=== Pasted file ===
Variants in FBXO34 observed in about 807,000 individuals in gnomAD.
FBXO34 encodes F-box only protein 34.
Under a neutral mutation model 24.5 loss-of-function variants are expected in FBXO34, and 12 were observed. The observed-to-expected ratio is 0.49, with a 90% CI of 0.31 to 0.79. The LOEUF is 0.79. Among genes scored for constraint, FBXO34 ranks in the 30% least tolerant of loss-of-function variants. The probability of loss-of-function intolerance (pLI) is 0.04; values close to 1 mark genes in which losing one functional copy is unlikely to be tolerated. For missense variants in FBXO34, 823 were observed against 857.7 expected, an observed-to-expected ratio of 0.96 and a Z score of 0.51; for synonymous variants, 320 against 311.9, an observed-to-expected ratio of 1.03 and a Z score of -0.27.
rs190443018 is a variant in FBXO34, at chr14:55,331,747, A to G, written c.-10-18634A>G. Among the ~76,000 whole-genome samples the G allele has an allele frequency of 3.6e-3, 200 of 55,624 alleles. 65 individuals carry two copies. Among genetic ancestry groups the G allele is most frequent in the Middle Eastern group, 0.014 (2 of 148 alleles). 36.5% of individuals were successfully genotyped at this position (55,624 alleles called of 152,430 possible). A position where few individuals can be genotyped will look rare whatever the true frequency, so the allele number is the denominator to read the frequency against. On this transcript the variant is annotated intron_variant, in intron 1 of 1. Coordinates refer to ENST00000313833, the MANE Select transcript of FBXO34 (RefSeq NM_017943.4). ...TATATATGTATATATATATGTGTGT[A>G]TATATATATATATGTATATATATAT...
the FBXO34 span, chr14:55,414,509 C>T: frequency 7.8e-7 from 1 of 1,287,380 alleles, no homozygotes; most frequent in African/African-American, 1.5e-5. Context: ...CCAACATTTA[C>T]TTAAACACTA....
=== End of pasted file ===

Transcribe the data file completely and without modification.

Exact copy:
Variants in FBXO34 observed in about 807,000 individuals in gnomAD.
FBXO34 encodes F-box only protein 34.
Under a neutral mutation model 24.5 loss-of-function variants are expected in FBXO34, and 12 were observed. The observed-to-expected ratio is 0.49, with a 90% CI of 0.31 to 0.79. The LOEUF is 0.79. Among genes scored for constraint, FBXO34 ranks in the 30% least tolerant of loss-of-function variants. The probability of loss-of-function intolerance (pLI) is 0.04; values close to 1 mark genes in which losing one functional copy is unlikely to be tolerated. For missense variants in FBXO34, 823 were observed against 857.7 expected, an observed-to-expected ratio of 0.96 and a Z score of 0.51; for synonymous variants, 320 against 311.9, an observed-to-expected ratio of 1.03 and a Z score of -0.27.
rs190443018 is a variant in FBXO34, at chr14:55,331,747, A to G, written c.-10-18634A>G. Among the ~76,000 whole-genome samples the G allele has an allele frequency of 3.6e-3, 200 of 55,624 alleles. 65 individuals carry two copies. Among genetic ancestry groups the G allele is most frequent in the Middle Eastern group, 0.014 (2 of 148 alleles). 36.5% of individuals were successfully genotyped at this position (55,624 alleles called of 152,430 possible). A position where few individuals can be genotyped will look rare whatever the true frequency, so the allele number is the denominator to read the frequency against. On this transcript the variant is annotated intron_variant, in intron 1 of 1. Coordinates refer to ENST00000313833, the MANE Select transcript of FBXO34 (RefSeq NM_017943.4). ...TATATATGTATATATATATGTGTGT[A>G]TATATATATATATGTATATATATAT...
the FBXO34 span, chr14:55,414,509 C>T: frequency 7.8e-7 from 1 of 1,287,380 alleles, no homozygotes; most frequent in African/African-American, 1.5e-5. Context: ...CCAACATTTA[C>T]TTAAACACTA....